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Tuesday, July 18, 2006

Memoir'44: completing the set #2

Pacific Theatre

Just as with the EF expansion the Pacific Theatre (PF) expansion provides a whole new army for the game- the Japanese naturally enough, complete with the rules to add it to the game. The models for the new army are very pretty. The armour models in particular are really rather cute. A strange thing to say about tank models, but the Japanese tank models are quite diminutive compared to those of the other armies. The artillery models too look very nice, but their design suffers again from a flimsiness I'd've preferred not to see. There were other guns in the Japanese armoury which could've been represented without this problem. So why did DoW choose to go with a design that would inevitably recreate the single complaint aimed at the production of the basic game? I really can't say.

As with the EF expansion the PF set provides rules for the armies fighting in the theatre- the Japanese and the US marines in this case. There are also rules for night fighting as well as the expected new terrain, medals, obstacles, and unit badges.

New rules
I've already referred to the Japanese and US marines' new special rules in the write-up of my recent games with Badger. I have to say that I really like these new rules. The extra card for the US marines is a simple addition colourfully reflecting the marines as they'd like to see themselves for sure. As to how authentic it is I really can't say. The marines certainly didn't enjoy any similar advantages in Up Front, the only other game in which I've seen the USMC in action with any regularity. All the same, I believe that the true measure of the USMC 'Gung-ho!' rules in the M44 PT expansion is that without them the USMC would probably have little chance against the Japanese.

The Japanese special rules are great fun. Japanese infantry must always ignore the first flag rolled against them, can move 2 and battle if they are entering close assault, and roll an extra dice in close assault with any unit that is at full strength. These rules neatly and simply recreate the implacable human waves for which the Japanese were infamous. In general the Japanese can close faster and hit harder in close assault than any other force in the game. This is a splendid capability to have at your disposal!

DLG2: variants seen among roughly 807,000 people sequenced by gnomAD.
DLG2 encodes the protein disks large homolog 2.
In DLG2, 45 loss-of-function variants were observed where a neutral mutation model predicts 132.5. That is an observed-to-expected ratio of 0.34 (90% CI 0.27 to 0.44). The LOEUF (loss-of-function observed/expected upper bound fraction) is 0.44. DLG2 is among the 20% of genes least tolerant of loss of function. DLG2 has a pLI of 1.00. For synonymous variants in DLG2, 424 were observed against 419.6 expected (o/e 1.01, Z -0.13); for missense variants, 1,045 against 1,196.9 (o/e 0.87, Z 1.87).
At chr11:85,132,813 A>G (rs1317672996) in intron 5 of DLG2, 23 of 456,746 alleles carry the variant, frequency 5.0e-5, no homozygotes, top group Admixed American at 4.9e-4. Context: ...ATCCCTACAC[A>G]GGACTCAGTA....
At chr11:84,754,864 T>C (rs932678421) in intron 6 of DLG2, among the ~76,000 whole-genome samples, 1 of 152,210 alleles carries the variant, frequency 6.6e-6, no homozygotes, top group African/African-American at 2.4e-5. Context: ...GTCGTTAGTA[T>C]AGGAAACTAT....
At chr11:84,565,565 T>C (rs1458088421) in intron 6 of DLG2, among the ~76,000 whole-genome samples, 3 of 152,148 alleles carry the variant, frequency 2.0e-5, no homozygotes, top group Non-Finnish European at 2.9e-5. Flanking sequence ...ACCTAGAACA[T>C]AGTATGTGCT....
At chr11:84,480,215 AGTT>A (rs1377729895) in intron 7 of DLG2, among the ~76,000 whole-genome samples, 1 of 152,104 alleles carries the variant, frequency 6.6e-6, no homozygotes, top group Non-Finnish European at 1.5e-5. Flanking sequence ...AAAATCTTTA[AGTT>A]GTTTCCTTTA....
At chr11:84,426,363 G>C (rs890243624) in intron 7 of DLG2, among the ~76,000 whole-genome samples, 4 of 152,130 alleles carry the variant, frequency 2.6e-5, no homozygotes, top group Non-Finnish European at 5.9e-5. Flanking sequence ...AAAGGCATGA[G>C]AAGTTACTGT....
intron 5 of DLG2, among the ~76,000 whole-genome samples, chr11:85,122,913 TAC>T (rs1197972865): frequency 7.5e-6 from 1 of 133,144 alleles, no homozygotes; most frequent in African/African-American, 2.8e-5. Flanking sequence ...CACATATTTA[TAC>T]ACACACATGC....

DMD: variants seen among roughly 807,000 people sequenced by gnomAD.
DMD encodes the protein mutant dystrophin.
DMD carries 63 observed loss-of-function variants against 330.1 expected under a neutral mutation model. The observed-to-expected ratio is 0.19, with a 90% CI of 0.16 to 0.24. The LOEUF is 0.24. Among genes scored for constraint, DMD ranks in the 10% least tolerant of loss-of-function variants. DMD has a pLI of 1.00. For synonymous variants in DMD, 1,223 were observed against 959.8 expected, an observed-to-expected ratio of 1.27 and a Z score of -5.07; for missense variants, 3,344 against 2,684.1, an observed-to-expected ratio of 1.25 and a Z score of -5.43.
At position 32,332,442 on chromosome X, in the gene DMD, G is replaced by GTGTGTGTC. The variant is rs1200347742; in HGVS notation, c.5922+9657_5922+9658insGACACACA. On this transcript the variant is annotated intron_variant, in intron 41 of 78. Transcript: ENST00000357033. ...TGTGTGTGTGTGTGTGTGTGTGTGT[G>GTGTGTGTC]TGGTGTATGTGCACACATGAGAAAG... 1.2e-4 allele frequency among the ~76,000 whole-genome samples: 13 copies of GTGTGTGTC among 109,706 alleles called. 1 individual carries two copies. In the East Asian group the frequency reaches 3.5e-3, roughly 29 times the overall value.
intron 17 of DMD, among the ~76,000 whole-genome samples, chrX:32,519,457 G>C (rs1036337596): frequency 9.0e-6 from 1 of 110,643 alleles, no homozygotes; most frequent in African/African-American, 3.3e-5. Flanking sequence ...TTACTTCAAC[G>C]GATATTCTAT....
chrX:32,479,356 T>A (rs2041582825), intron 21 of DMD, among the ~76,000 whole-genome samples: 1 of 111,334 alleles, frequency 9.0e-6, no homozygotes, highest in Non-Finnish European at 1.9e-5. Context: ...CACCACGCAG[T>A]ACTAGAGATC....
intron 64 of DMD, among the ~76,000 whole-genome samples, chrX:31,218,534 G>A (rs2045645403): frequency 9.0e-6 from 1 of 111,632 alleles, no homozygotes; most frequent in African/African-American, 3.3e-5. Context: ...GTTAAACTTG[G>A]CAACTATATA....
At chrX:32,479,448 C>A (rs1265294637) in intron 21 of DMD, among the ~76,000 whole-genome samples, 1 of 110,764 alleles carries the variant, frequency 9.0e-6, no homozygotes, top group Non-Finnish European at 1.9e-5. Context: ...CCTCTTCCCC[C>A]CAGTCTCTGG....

In addition the Japanese special rules have a serious impact on overall tactics. Confronted by a line of Japanese units a USMC player faces a difficult choice: should he concentrate fire to kill off each unit as is normally the smart tactic; or should he instead spread fire to pick off that first model from as many units as possible, thus depriving the Japanese of those bonus close assault dice? This choice makes facing the Japanese doubly ennervating for the marine player.

Great stuff!

The night-fighting rules are admirably simple. Visibility under night-fighting conditions starts off at 1 hex. Thereafter, at the start of each of their turns, the US player rolls 4 dice, with each star increasing the visibility range by 1. It is the uncertainty that is the nice touch here: you might decide to risk a mad dash across the open field under cover of the darkness, only for 3 or 4 stars to be rolled so that your troops end up dangerously exposed. These rules are also suitable for tweaking, by varying the number of dice thrown, or by allowing the Axis player to roll the dice so that they enjoy the first chance to take advantage of the rising sun.

New terrain tiles
Repeating terrain types already seen in the TP and EF expansions, the PT expansion also adds: caves- on mountains and hills, paddy fields and fish ponds, field hosptials and HQ/supply tents, jungles, a pier, and beaches and a river mouth. Some of these are familiar terrain types but expand the options available to the scenario designer, eg. you can have broader beaches now. Others are types whose rules are familiar but which are themed for the Pacific theatre. Still others are quite new.